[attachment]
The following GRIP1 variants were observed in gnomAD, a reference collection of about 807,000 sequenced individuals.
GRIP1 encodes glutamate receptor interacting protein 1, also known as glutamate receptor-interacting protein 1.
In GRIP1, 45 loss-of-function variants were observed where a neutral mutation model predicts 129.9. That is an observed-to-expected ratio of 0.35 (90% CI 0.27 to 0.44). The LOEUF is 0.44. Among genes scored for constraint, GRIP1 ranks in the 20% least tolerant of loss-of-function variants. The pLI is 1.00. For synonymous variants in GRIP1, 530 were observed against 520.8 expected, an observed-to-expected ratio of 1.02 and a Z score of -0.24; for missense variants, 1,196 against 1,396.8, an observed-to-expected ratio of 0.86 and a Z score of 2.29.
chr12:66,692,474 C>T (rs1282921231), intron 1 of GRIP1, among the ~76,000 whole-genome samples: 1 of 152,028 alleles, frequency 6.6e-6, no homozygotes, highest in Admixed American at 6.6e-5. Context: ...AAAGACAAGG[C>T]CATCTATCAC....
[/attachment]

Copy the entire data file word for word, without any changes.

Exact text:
The following GRIP1 variants were observed in gnomAD, a reference collection of about 807,000 sequenced individuals.
GRIP1 encodes glutamate receptor interacting protein 1, also known as glutamate receptor-interacting protein 1.
In GRIP1, 45 loss-of-function variants were observed where a neutral mutation model predicts 129.9. That is an observed-to-expected ratio of 0.35 (90% CI 0.27 to 0.44). The LOEUF is 0.44. Among genes scored for constraint, GRIP1 ranks in the 20% least tolerant of loss-of-function variants. The pLI is 1.00. For synonymous variants in GRIP1, 530 were observed against 520.8 expected, an observed-to-expected ratio of 1.02 and a Z score of -0.24; for missense variants, 1,196 against 1,396.8, an observed-to-expected ratio of 0.86 and a Z score of 2.29.
chr12:66,692,474 C>T (rs1282921231), intron 1 of GRIP1, among the ~76,000 whole-genome samples: 1 of 152,028 alleles, frequency 6.6e-6, no homozygotes, highest in Admixed American at 6.6e-5. Context: ...AAAGACAAGG[C>T]CATCTATCAC....